On Monday, my friend and colleague, Joel Makower, editor of GreenBiz.com, posted an article entitled, "Green Marketing Is Over. Let's Move On." He actually quoted me in the article to make his point ... and I believe he's off the mark. Hence a course correction:
Sigh. You're missing the point, my friend. Even though you say you're defining "green marketing" as "marketing aimed at getting people to buy stuff that's better for the environment," that's not really what you're lamenting. What you seem to be upset about, what you seem to be declaring dead, is the marketing of stuff that's good for the environment with an environmental message attached to it. Marketing products, in essence, with an "it'll save the planet!" message.
That is dead. In fact, it was mostly never alive. Very few Americans have ever bought stuff because they want to save the planet. As I've hammered home in this blog countless times, people buy green products for a host of other reasons -- to feel more comfortable, to gain peace of mind, to limit the chemicals their families are exposed to, to feel independent, to feel smart, and/or to have something beautiful they can look at all day long. And in Shelton Group's view, that's awesome!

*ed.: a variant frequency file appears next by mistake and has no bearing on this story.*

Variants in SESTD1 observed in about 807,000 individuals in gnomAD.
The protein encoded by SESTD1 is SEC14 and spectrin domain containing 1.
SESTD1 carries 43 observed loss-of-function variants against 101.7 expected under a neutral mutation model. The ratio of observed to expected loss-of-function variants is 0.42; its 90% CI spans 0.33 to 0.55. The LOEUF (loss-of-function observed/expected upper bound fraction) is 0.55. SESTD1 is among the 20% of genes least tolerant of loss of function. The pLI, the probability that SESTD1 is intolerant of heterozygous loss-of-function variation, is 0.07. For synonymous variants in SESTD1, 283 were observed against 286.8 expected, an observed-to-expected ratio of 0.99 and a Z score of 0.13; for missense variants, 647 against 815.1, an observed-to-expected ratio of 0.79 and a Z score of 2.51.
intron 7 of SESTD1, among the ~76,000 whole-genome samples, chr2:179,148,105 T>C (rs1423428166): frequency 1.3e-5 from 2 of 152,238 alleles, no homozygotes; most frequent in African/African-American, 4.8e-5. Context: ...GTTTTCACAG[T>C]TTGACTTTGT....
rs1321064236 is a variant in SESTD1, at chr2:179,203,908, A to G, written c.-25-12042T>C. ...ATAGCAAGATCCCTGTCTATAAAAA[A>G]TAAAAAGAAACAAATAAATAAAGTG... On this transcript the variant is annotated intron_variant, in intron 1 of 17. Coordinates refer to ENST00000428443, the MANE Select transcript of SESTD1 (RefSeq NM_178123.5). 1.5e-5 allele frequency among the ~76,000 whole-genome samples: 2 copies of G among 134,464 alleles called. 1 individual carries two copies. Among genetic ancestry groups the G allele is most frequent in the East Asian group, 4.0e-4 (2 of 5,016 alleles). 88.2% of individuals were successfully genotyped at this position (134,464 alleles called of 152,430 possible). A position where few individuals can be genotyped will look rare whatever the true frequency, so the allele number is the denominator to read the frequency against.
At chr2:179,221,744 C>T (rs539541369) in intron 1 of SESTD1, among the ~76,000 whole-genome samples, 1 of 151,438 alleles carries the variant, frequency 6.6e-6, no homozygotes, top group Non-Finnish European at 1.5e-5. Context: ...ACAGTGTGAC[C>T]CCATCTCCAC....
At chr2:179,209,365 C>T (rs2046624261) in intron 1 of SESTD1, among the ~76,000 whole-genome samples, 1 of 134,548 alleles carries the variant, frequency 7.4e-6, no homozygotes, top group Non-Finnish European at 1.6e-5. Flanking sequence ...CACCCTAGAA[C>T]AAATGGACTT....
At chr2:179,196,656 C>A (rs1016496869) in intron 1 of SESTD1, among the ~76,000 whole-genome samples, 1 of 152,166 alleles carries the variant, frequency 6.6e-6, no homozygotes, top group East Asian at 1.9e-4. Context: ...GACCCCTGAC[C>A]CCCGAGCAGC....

It doesn't matter to us at all that people don't buy green products to save the planet, as long as they buy them. Our approach, in fact, is to figure out exactly what motivates a consumer in a particular category and leverage that to get them to buy.
It's no different from Walmart/Sam's Club eliminating all the laundry detergent from their shelves that's not in a concentrated formula. They eliminated the more wasteful choice so everyone who shops there now has to buy the friendlier, more concentrated formula. Thus, way more Americans now buy concentrated laundry detergent eliminating about a bazillion tons of extra packaging in landfills.
Again, the result is what all of us in the green space want ... why on earth does the how-we-get-there part matter?